For parties, if hosting, can you make it pot luck? Can you organize a group volunteering event instead? If invited to a party, consider if you really want to go. Part of the stress of the holidays can come from being over-committed. If you intend on going and want to bring a host/hostess gift, consider making a homemade good or donating to a charity in host/hostess’ name.
For decorations, ask yourself if you really need more. If so, consider waiting to buy new decorations until the post-holiday sales. Also consider swapping holiday decorations with a friend or as a family take on the challenge of re-creating some fun ideas off Pinterest using recycled decorations from years past.
For holiday cards, determine what your goal is around sending a holiday card. It may be the way you keep in touch with friends and family. It may be your way of saying hello. It may be nothing more than one additional thing to do on your long task list. Before you invest the time and money consider whether you should be sending them at all. If you do send holiday cards, consider all options; traditional cards (homemade versus purchased), postcards (cheaper postage), ecards and even e-videos.
Stick to the number that you wrote down when reviewing the cash you have available for the holidays. Allocate the cash between all of the areas you plan to spend this holiday season. Set a limit for each category and a limit for each person. If you find what you want to spend on the 2017 holidays is higher than what you have saved you will have to get creative. The good news is there are lots of sales to help holiday spending be manageable and creative ideas to help people feel special. Empower your finances by adding in a line item to your 2018 monthly budget to save for the 2018 holiday season.
Have a conversation with the people you are close with about your plans for gift giving. Set expectations. You might find that with these conversations, the stress you had been carrying about buying gifts was also someone’s else’s stress and that instead of buying each other gifts you instead agree to spend special time together. Setting expectations with your children, both young and adult is a great opportunity to help your own children not get caught up in commercialization of the holiday but rather focus on what is most important to each of you.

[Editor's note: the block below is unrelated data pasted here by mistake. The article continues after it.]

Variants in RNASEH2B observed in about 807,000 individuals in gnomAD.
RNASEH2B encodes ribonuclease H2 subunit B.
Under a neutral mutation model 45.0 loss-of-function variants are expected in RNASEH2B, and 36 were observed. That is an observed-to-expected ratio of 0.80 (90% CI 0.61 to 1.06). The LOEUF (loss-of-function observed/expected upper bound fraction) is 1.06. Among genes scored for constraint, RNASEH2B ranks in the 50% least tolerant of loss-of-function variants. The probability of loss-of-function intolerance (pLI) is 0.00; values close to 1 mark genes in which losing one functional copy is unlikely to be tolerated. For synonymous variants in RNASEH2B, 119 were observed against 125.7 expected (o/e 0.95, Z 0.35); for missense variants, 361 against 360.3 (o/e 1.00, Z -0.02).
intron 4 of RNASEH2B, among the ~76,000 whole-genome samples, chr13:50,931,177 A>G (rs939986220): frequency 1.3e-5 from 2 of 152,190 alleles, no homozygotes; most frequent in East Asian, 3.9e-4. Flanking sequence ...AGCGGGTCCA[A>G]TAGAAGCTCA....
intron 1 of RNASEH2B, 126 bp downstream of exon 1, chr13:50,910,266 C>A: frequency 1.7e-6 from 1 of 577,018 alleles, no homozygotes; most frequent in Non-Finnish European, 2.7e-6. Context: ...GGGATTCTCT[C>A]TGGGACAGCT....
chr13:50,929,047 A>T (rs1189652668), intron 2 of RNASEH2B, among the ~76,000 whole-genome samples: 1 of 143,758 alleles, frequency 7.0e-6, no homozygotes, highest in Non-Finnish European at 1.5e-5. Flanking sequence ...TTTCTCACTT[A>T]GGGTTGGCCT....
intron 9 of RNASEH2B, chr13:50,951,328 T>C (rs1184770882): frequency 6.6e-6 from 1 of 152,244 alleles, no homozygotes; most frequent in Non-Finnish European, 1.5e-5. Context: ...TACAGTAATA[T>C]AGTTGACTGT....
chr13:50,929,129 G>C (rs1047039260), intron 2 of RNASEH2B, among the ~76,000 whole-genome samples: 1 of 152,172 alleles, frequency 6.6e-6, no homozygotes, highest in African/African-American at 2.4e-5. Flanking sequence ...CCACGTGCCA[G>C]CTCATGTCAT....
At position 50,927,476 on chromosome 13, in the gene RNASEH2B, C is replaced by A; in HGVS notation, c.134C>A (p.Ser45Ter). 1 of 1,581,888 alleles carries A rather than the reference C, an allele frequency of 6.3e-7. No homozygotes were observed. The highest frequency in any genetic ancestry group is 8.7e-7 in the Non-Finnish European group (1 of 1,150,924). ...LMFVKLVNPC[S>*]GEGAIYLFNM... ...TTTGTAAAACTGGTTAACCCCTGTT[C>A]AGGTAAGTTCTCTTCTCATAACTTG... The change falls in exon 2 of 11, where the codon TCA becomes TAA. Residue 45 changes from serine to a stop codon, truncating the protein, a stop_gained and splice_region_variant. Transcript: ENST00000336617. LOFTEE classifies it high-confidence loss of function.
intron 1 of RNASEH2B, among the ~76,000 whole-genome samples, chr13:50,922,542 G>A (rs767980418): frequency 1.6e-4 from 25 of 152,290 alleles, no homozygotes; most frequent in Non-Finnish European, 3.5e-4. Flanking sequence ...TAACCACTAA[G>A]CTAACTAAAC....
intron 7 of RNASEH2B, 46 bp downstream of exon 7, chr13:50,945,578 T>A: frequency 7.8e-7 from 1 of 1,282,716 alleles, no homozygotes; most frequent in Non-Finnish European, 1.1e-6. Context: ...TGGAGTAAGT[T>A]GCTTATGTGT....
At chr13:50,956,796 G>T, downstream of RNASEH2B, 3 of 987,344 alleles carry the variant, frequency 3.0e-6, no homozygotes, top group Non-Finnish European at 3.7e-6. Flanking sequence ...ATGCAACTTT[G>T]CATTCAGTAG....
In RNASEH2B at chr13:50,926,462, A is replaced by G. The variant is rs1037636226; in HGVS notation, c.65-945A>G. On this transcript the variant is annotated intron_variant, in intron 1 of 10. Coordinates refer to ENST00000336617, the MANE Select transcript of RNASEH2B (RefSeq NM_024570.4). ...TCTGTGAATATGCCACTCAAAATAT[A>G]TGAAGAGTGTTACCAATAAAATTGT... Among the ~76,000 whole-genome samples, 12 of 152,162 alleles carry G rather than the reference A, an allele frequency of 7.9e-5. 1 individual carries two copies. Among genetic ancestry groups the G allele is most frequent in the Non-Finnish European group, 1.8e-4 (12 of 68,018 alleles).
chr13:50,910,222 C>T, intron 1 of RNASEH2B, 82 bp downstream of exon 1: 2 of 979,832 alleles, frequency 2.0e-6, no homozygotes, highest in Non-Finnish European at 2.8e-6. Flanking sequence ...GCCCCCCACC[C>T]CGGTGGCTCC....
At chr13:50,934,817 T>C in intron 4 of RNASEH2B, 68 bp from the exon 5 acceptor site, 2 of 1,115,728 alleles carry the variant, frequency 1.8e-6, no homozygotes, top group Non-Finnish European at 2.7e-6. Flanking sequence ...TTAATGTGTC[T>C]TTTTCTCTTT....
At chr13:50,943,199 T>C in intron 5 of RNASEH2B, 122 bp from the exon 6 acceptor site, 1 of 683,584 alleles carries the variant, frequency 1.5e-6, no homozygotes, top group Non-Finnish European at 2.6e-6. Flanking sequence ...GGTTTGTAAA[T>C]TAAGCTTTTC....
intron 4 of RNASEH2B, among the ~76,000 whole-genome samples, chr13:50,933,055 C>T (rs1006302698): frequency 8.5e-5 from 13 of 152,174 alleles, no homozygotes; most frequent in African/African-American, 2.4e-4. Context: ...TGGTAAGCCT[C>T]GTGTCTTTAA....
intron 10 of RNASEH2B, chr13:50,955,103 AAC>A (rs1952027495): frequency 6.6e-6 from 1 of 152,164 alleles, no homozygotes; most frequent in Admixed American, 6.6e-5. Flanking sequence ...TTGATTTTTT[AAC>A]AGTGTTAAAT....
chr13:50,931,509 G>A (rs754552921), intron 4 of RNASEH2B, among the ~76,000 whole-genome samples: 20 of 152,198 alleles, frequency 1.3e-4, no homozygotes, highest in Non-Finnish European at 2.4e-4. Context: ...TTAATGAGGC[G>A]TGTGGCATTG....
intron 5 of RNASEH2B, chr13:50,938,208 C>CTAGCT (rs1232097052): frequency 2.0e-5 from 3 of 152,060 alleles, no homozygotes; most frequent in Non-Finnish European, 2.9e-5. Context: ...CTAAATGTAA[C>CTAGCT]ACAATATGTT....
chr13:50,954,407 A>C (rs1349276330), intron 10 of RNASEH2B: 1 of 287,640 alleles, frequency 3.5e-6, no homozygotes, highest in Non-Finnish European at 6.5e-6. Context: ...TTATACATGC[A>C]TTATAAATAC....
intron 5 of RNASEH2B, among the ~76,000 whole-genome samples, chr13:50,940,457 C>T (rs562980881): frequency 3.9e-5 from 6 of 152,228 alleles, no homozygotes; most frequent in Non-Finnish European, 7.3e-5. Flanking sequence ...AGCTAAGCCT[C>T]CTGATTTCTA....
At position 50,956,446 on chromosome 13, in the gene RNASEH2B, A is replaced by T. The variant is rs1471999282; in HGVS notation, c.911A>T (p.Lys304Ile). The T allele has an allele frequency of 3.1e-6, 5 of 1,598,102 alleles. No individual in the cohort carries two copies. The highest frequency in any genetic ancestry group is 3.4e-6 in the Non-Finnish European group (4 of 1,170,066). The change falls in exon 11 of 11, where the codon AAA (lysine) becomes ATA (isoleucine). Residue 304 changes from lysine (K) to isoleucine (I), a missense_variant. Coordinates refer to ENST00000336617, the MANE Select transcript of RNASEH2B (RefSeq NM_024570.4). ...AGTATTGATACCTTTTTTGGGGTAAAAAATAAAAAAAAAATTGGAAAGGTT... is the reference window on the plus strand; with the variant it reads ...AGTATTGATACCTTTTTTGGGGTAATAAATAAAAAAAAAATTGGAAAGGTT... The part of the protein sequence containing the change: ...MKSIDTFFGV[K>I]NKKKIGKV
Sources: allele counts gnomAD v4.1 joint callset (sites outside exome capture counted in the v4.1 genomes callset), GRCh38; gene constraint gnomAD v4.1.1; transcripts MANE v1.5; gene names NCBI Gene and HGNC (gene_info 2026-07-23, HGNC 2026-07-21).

Gift giving can take many forms. Consider small acts of kindness to a stranger, personalized gifts to a loved one, volunteering with neighbors, and sharing a glass of wine with a friend. You might also enjoy building a gingerbread house with a child, taking an evening drive to check out the holiday lights and taking a moment for yourself to reflect on the season. They are so many special ways to enjoy the season.
The holidays can be one of the most wonderful times of the year. Keep your finances in check while also keeping the holidays centered on what matters most to you.
Katherine Liola is the Founder and President of Concentric Private Wealth®, a comprehensive wealth management firm with a focus in behavioral advice. Katherine and her husband, David, a global director in the IT cyber security space, live in Willowsford, with their children, Harper (4), Gannon (3), and Emerson (1). Katherine loves spending time with her family whether it be at a local park, a winery, or traveling to some place new. Katherine competes in triathlons and distance running with Team FeXY and finds that training helps her keep up with her children.
Securities and advisory services offered through Commonwealth Financial Network, Member FINRA/SIPC, a Registered Investment Advisor. Fixed insurance products and services offered by Concentric Private Wealth®.
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Advisory services offered through Commonwealth Financial Network®, Registered Investment Advisor.